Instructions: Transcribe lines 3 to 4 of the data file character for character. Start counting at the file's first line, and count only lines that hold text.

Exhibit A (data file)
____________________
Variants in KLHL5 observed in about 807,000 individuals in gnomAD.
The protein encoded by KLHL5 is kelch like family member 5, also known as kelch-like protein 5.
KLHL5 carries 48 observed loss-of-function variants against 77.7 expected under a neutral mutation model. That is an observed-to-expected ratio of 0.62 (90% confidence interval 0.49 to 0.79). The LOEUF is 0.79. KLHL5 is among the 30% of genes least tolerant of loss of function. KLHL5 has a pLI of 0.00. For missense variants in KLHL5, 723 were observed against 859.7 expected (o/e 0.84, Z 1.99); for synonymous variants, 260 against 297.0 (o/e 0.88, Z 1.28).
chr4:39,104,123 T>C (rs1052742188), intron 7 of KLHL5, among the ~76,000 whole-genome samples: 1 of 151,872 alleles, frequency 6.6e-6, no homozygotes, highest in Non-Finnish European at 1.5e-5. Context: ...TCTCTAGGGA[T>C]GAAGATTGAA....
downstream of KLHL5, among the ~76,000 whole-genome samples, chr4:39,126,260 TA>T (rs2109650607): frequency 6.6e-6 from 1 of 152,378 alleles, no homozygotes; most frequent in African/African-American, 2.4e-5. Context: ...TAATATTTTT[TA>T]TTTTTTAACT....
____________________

KLHL5 carries 48 observed loss-of-function variants against 77.7 expected under a neutral mutation model. That is an observed-to-expected ratio of 0.62 (90% confidence interval 0.49 to 0.79). The LOEUF is 0.79. KLHL5 is among the 30% of genes least tolerant of loss of function. KLHL5 has a pLI of 0.00. For missense variants in KLHL5, 723 were observed against 859.7 expected (o/e 0.84, Z 1.99); for synonymous variants, 260 against 297.0 (o/e 0.88, Z 1.28).
chr4:39,104,123 T>C (rs1052742188), intron 7 of KLHL5, among the ~76,000 whole-genome samples: 1 of 151,872 alleles, frequency 6.6e-6, no homozygotes, highest in Non-Finnish European at 1.5e-5. Context: ...TCTCTAGGGA[T>C]GAAGATTGAA....